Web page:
Jan 8, 2024

Introducing the Enhanced Broadcasting Beta

If you’re a streamer on Twitch, you’ve probably heard about transcodes. If you haven’t, allow me to try and give a simple explanation of what they are and why you should care. 

Transcodes refer to the process of converting your video into different resolutions so that Twitch can adapt a viewer’s experience depending on their bandwidth. Having multiple transcodes is critical to ensuring all of your viewers have a buffer-free experience when tuning into your stream, regardless of their network connection.

There are three key factors in creating transcodes: 1) the codec (i.e. the technology) that you are using to store and stream the video; 2) the time taken when generating the transcode; and 3) the processing power of the computer you are using when generating the transcode. Ultimately, these three factors determine the video quality that you receive for a given number of bits to store the video. So, if you have a more powerful processor, you can create a more compact representation of the video in the same amount of time. Similarly, if you use a more modern codec to represent the video, you can get improved video quality for the same number of bits.

Twitch offers transcodes to all streamers, but historically we’ve only been able to guarantee them to Partners. Today, all of our transcoding occurs “in the cloud” on Twitch servers. In addition, we are often creating these transcodes using older processors acquired several years ago. Transcoding can be expensive and given the number of streams Twitch supports on a daily basis we cannot always guarantee transcodes for all streamers. Given that we are a live service, we need to create these transcodes quickly to limit any latency in the stream. While a transcode may not be needed for viewers with a high bandwidth internet connection, transcodes can be critical for providing a high quality viewing experience to viewers on mobile devices and those with limited bandwidth.

For both big streamers and small streamers, transcodes matter a lot to their viewers and we have always wanted to be able to provide transcodes to 100% of our streamers. That’s why I’m excited to announce that we’ve been working with NVIDIA and OBS to add Enhanced Broadcasting to OBS. Enhanced Broadcasting provides two critical capabilities to streamers. First, it will create multiple encodings of your stream using dedicated encoder resources in your GPU. Having multiple encodes allows the video encoding to occur on your streaming device at multiple resolutions. Thanks to the dedicated encoders on NVIDIA GeForce RTX GPUs, this will result in a higher quality stream and reduced latency for all resolutions without impacting your streaming experience. Second, this capability will provide an automatic configuration option for OBS that will optimize your settings based upon the processing power of your computer and your upload bandwidth. Automatic configuration relieves the burden on you to get your settings right in OBS. No need for trial and error offline with bitrate and other technical settings. Once enabled you can feel confident you’ve got the right settings to create a great experience for your community.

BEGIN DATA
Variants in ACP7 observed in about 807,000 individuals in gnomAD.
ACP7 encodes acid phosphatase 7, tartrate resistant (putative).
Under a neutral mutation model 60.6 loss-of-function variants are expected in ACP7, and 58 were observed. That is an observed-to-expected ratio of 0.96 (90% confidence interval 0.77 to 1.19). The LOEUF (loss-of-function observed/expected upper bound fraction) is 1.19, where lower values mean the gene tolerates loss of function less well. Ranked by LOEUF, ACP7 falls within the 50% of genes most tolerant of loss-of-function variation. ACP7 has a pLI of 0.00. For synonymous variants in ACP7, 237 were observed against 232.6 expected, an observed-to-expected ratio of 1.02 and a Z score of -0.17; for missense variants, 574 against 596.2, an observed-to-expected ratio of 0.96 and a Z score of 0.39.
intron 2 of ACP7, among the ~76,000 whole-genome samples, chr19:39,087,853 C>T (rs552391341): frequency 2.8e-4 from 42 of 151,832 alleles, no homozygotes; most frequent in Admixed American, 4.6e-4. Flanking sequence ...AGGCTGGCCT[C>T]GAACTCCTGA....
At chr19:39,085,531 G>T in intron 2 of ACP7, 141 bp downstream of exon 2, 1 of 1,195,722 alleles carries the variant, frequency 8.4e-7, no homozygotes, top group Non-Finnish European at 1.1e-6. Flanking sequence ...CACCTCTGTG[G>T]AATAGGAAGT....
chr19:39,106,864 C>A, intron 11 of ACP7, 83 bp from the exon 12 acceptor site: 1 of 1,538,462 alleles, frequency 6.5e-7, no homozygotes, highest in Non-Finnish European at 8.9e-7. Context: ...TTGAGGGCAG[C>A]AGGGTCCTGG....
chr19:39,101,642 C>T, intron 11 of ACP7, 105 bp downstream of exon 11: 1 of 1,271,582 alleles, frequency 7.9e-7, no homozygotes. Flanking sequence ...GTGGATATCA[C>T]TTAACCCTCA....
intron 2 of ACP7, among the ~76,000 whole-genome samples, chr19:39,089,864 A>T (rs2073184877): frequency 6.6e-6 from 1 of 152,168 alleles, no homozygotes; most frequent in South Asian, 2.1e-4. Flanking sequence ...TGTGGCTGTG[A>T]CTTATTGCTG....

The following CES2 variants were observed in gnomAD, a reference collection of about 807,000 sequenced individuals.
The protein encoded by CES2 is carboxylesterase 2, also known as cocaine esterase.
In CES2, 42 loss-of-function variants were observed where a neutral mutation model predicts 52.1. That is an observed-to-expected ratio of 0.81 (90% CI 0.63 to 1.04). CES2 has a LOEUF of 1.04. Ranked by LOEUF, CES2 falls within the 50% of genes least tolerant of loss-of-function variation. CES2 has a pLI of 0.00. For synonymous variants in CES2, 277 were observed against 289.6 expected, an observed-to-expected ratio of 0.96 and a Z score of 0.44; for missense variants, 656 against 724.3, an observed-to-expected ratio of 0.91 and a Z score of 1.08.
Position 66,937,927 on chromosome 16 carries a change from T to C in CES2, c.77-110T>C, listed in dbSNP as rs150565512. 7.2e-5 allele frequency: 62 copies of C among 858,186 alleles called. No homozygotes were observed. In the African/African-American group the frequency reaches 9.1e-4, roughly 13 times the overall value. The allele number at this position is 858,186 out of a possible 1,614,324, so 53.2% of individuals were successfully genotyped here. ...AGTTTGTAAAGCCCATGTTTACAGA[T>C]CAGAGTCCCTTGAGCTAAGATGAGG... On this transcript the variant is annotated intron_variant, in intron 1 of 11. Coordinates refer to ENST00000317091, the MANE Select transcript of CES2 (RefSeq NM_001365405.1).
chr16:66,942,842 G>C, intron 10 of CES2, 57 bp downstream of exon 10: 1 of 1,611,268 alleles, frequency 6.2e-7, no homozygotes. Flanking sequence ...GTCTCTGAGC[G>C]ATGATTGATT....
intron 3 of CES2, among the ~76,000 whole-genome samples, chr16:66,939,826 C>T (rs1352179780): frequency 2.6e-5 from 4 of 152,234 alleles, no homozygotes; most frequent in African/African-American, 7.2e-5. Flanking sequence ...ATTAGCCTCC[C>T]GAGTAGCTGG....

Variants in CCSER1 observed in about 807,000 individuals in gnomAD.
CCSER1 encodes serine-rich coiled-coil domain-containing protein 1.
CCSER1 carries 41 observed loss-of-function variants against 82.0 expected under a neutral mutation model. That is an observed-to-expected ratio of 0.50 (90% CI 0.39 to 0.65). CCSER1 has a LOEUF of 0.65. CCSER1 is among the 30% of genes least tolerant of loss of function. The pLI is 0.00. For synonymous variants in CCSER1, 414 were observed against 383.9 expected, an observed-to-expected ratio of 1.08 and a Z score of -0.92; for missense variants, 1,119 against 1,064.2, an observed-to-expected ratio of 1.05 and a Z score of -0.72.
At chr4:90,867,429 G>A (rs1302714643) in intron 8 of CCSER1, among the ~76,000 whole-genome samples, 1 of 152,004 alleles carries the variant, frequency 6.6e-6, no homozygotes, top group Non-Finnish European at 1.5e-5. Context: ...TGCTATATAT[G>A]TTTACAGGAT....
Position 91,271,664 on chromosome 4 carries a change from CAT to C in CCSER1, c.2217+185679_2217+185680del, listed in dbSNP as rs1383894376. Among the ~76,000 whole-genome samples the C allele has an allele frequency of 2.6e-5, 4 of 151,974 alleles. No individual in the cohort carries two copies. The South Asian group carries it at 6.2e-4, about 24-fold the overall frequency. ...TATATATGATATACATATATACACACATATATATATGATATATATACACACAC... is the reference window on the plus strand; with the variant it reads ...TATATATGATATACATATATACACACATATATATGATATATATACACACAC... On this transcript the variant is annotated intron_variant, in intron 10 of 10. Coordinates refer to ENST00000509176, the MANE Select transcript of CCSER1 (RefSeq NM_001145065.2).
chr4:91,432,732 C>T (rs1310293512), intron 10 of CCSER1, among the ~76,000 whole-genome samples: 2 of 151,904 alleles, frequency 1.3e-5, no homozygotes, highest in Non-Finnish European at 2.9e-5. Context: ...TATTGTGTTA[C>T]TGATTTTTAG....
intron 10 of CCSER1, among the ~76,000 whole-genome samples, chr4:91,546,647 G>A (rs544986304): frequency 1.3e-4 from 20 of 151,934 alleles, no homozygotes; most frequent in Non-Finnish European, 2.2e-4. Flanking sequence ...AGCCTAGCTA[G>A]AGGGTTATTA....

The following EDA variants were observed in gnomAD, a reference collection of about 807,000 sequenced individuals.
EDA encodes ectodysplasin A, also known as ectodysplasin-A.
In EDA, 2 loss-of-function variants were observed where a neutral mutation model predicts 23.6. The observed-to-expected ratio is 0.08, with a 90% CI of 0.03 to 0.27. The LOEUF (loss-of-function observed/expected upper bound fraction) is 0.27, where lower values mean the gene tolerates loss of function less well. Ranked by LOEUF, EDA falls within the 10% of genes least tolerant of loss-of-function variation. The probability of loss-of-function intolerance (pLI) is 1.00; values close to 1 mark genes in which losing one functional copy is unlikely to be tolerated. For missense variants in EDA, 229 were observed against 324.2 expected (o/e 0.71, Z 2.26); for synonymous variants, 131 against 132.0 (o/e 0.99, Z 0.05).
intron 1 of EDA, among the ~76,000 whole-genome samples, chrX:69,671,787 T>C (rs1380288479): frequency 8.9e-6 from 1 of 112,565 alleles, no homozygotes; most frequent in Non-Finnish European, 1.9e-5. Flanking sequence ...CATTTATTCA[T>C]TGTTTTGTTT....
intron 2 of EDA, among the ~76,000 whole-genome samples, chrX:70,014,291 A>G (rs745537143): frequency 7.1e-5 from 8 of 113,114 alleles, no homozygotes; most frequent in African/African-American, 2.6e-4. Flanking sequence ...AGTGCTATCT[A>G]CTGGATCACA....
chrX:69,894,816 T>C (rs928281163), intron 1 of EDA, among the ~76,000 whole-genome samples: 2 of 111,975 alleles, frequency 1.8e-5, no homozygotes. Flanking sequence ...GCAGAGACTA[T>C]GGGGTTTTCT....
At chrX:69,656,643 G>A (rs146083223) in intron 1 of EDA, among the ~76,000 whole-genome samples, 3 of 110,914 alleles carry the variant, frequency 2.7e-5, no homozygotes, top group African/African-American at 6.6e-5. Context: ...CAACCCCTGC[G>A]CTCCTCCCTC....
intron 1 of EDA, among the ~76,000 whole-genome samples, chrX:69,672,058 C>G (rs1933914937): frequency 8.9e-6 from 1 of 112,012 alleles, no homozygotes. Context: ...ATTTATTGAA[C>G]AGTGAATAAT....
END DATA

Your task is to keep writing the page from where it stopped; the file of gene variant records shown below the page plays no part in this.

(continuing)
Join the Closed Beta
This Twitch-specific beta version of OBS is ready to test. We are working with the OBS team and hope to get these updates included in their next mainline release. In the meantime, if you’re interested in helping us test these features out, head to the Streaming Tools page in your Creator Dashboard sign up for the beta. We’ll begin inviting participants on a rolling basis beginning later this week.

To be clear, we’ll continue to provide transcodes from our servers as needed. Participating in this beta allows you to be among the first streamers to try this new technology, while benefiting from improved stream quality and extended reach.

Looking Forward
In addition to giving streamers more control, this beta paves the way for future improvements such as new codec support, and experimenting with HEVC and AV1. AV1 is the next generation of video encoding technology — 40% more efficient than the current AVC standard — and it will improve visual quality, and reduce bandwidth. As NVIDIA announced today at CES, we are also working together to bring AV1 to Twitch. At this point, this capability is exclusively available with NVIDIA GeForce RTX 40 Series GPUs and powered by the OBS Studio features described here. Finally, as steering committee members of the Veovera Software Organization, we’re driving industry collaboration to make the Enhanced RTMP Multitrack Feature specification available to the entire live streaming ecosystem in the coming months.

For more information about system requirements, and other FAQ, check out our help article.

Dan Clancy, CEO

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